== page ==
In this crime-scene photograph, (A. O'Connor - AnemoneProjectors) you can see Detective Sergeant Head's body lying in the street behind the dark-colored vehicle.
Roberts, Duddy, and Whitney were all arrested and found guilty of the murders, and were sentenced to life imprisonment by Mr. Justice Glyn Jones, who is often quoted as referring to this murders as "the most heinous crime to have been committed in this country for a generation or more." People called angrily for the return of the rope, which did not return. At the officers' funerals, thousands of officers and civilians from all over the United Kingdom attended, as did Prime Minister Harold Wilson.
Duddy died in prison of natural causes in 1981, which is just fine with me, because that's what a life sentence means.
Shockingly, Jack Whitney was released in 1991, after only serving 25 years in prison for the murders. He did, however, have his head beaten in with a hammer by his heroin-addicted flatmate during an argument, so that took care of him, and gives a hair of credence to my mother's philosophy "everything happens for a reason."
There was much talk in February of 2009 that Roberts would most likely be released from prison. He has been in prison for 43 years, and is now 73 years old and refers to himself as "an old-age pensioner." He may very well be an old age pensioner, however, he is still something most other old-age pensioners aren't, a convicted triple-killer. While the passing of time makes some things better, like cheddar and wine, it doesn't do much to improve the reputations and histories of those involved in appalling acts like the one in which Roberts participated, and began, on August 12, 1966.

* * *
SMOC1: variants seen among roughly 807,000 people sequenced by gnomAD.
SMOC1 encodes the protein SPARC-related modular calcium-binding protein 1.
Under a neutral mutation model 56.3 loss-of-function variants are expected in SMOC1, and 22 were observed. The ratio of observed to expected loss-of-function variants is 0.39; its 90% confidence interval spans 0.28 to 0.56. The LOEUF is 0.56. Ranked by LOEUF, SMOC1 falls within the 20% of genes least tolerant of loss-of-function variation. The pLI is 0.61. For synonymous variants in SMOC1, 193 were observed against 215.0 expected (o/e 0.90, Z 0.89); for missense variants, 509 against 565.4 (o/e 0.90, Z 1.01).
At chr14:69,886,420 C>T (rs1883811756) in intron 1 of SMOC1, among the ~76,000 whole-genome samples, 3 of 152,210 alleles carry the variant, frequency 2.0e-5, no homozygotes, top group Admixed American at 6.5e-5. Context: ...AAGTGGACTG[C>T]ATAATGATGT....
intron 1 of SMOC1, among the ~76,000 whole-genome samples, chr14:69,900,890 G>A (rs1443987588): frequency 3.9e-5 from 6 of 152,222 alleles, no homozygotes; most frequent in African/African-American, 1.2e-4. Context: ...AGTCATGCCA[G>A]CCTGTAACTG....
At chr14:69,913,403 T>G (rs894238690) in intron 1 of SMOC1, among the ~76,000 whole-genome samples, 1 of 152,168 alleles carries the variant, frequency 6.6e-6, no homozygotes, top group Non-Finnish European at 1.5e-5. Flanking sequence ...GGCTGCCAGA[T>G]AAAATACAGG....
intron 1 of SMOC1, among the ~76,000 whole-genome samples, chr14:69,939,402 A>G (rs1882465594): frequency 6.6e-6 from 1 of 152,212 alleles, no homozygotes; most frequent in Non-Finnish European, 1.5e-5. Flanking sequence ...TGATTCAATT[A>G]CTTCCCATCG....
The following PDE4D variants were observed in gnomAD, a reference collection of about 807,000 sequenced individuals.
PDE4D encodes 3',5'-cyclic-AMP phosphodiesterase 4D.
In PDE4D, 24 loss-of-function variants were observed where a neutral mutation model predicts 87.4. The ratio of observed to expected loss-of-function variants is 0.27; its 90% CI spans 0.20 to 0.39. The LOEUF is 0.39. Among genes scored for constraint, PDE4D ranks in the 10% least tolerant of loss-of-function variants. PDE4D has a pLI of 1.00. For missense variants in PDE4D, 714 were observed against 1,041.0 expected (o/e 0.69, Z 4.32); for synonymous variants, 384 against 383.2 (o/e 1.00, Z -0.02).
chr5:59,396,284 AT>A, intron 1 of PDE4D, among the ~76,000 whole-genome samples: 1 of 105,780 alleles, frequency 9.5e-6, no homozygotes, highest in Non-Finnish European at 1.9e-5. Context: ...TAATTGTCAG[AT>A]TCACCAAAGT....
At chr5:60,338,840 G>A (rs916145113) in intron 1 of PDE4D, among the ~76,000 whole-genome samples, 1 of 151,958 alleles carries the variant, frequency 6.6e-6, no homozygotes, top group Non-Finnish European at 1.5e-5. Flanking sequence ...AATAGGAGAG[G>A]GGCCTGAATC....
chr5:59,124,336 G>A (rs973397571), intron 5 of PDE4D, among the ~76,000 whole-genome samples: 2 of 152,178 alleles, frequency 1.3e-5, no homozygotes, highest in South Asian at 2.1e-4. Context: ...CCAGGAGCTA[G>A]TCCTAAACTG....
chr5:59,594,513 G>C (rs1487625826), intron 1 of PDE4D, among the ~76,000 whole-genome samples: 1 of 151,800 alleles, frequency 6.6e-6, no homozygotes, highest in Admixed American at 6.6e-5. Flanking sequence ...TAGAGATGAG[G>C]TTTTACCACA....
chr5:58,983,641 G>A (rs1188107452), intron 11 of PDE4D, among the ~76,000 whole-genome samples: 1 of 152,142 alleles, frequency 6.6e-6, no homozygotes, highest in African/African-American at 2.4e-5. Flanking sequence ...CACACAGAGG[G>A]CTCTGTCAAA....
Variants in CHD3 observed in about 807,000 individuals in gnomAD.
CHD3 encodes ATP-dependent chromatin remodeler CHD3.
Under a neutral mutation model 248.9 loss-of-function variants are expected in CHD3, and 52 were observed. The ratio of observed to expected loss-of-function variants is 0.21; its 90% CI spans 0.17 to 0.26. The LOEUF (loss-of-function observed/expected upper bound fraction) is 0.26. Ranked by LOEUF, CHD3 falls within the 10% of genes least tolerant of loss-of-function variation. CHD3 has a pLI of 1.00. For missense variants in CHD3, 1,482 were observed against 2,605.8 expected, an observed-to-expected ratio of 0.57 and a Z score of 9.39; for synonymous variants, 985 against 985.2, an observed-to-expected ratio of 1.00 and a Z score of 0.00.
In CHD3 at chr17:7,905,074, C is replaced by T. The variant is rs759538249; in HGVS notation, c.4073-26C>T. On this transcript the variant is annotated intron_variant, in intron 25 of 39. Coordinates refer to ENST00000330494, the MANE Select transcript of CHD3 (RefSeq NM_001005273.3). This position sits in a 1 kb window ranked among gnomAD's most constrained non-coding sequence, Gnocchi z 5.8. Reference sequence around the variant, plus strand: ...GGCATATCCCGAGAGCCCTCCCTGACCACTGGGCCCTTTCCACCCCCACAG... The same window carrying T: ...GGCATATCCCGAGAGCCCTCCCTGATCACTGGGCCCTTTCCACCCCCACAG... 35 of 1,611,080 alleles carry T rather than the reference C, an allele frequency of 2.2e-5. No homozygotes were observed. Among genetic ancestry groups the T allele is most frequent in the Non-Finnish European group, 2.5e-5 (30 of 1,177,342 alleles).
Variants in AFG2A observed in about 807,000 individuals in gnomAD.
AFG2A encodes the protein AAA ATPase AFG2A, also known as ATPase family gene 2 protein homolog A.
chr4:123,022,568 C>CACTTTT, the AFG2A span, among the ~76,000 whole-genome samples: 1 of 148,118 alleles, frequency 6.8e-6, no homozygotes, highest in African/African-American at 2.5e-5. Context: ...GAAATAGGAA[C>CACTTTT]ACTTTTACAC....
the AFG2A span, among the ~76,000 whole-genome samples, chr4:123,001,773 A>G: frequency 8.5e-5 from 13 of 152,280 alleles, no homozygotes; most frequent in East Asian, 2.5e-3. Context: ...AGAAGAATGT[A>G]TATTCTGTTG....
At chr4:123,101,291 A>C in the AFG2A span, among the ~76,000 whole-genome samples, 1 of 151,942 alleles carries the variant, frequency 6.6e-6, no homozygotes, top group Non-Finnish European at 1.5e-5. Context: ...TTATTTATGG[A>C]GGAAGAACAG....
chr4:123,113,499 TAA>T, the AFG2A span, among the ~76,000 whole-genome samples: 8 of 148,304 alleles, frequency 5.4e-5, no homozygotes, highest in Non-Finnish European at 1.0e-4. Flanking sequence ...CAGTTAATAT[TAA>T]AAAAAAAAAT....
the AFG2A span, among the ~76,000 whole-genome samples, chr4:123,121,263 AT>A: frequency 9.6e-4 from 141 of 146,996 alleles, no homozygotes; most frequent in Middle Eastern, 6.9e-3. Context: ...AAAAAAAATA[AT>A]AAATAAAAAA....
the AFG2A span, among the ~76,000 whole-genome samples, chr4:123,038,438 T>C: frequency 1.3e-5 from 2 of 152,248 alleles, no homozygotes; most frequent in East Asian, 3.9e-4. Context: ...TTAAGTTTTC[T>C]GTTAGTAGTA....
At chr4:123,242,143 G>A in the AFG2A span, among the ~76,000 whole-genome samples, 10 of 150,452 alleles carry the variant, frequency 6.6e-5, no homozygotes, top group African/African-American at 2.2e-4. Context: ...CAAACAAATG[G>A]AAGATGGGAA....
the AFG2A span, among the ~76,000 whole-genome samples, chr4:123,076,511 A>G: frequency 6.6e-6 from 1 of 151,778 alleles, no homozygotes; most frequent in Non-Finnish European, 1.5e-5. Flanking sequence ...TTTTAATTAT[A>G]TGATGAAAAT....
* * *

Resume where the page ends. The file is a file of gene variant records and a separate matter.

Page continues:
Roberts himself says this: "I can understand why the families of the three policemen could never forgive me and wouldn't want me released. But I feel I've served my time."
My question is this: how can you feel you've "served your time" of a life sentence if you're still alive? Obviously, you haven't, Mr. Roberts. You have served time, and you've served a lot of time, but is it enough?
When I hear people talk about crimes that occured a long time ago, I call them "black-and-white crimes" because that's how most of them were recorded for posterity, they often voice the opinion that, once a certain amount of time has gone by, the punishment somehow no longer fits the crime. Usually this opinion is expressed by sympathizers of the convicted, though not always, and usually these sentiments are posed when the killer is wizened, elderly, gray and now appears avuncular, or even grandfatherly-- in stark contrast to, say, their mugshots in which they appear crazed, young, powerful, angry-- and very, very dangerous.
"Who could he harm now?" people ask of convicted murderers like Harry Roberts, who committed their crimes in long ago, sepia days of yore. The answer, though, isn't really relevant. The gravity and the atrocity of the butchering of three unarmed men in the middle of a sunny afternoon demonstrated that the socioipathic nature of these three men was sufficient to warrant them being removed from society forever-- and that is what should have been done.
I think that people who utilize the "enough is enough" argument when referring to elderly people who have done the evil art of murder in their youth have a lot of nerve advocating for the release of people I don't think they'd want buying the house next door to their own families. The people who wouldn't pass background checks to work in their shops. The people whom you can't ever really trust, ever again.
The Lucifers in our midst.